|What Caught Our Eye (WCOE) Each week, we take a closer look at the cancer policy articles, studies, and stories that caught our attention.|
Dr. Meier asked: “What are you hoping we can accomplish with this treatment?”
After a brief pause, he confessed what I suspected: that it wouldn’t help her.
I struggled for a response. “Would you want me to encourage her to go ahead with it anyway?” I asked.
After another pause, this one longer and more awkward than the last, he told me that he didn’t want her to think he was abandoning her. It seemed that giving more treatment was the only way the oncologist knew to express his care and commitment. To him, stopping treatment was akin to abandoning his patient. And yet the only sense in which she felt abandoned was in her oncologist’s unwillingness to talk with her about what would happen when treatment stopped working.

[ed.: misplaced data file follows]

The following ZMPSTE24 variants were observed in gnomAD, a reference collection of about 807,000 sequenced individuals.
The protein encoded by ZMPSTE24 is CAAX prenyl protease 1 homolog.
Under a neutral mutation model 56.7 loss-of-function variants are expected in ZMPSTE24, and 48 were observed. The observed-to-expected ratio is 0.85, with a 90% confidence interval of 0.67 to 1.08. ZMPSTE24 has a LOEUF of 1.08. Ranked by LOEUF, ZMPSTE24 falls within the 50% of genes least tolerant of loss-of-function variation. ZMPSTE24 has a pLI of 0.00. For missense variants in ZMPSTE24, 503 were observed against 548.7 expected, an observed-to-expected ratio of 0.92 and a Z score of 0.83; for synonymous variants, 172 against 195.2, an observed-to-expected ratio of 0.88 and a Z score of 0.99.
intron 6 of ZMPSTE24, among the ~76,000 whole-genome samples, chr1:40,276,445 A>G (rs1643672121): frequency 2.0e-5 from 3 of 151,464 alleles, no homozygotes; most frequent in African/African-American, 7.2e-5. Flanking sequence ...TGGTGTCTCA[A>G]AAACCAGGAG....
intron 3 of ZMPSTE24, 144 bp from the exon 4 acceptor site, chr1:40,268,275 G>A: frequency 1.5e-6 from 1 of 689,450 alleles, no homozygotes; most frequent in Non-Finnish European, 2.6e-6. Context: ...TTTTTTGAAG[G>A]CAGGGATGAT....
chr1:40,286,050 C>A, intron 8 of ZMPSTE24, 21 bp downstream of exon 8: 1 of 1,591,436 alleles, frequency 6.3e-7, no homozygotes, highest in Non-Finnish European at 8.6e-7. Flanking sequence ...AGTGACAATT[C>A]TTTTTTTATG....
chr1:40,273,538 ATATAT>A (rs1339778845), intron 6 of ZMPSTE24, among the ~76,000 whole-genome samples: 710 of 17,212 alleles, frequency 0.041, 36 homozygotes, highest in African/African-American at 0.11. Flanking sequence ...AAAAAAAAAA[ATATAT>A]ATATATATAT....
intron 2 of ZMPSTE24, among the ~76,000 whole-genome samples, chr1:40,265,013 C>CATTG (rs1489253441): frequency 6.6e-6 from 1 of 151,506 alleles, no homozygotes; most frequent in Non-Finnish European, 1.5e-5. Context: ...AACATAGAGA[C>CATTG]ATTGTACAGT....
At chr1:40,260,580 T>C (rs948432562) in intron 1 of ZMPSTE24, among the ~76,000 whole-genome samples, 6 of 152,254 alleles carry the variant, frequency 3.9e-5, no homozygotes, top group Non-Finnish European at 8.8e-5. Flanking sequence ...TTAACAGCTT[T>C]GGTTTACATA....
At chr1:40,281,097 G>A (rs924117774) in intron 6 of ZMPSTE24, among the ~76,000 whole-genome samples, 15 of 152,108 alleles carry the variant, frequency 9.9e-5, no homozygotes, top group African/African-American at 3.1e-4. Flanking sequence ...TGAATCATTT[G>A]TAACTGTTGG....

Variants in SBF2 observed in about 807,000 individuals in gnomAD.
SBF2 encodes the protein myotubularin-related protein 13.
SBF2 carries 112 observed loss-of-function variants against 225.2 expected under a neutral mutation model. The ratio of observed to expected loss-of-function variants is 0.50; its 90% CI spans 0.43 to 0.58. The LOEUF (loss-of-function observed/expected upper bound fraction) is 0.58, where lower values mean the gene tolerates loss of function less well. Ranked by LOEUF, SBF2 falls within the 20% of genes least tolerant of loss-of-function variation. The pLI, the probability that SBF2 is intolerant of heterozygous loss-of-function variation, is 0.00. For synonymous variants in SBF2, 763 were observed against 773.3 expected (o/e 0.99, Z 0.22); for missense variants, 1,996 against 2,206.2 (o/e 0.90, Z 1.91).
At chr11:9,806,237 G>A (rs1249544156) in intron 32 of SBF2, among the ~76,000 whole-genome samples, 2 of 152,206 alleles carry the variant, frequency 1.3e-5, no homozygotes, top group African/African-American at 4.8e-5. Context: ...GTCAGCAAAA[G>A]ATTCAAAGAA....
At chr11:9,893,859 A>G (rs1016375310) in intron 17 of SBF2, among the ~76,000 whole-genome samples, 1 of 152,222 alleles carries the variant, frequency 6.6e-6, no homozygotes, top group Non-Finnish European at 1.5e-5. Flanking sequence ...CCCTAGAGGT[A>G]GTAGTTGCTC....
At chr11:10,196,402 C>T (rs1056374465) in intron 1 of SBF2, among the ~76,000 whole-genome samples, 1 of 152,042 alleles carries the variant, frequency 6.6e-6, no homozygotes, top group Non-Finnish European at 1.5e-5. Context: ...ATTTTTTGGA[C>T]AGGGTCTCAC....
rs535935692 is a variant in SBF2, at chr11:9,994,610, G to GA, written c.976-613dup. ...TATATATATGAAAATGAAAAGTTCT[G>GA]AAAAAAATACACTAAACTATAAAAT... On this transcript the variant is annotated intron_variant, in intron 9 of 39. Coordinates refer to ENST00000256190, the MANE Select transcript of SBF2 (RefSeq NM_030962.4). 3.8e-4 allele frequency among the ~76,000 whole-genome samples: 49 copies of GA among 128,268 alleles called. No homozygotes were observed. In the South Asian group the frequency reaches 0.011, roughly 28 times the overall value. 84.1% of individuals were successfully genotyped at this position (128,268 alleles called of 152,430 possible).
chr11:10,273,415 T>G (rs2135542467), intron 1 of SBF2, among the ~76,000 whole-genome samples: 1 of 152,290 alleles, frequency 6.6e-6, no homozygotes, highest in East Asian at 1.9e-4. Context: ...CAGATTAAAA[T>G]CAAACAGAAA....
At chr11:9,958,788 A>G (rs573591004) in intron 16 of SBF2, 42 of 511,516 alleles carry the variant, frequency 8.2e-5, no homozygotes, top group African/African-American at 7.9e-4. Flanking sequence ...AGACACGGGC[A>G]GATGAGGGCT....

This article has much to advocate for—not only for well trained providers of palliative care but integral training in ALL medical schools for all physicians across all settings about truth telling to patients and the provision of palliative, humanistic, patient-centered care across all the transitions of life-limiting illnesses—from the moment of diagnosis and through one’s life.
|Post by Ellen Stovall.|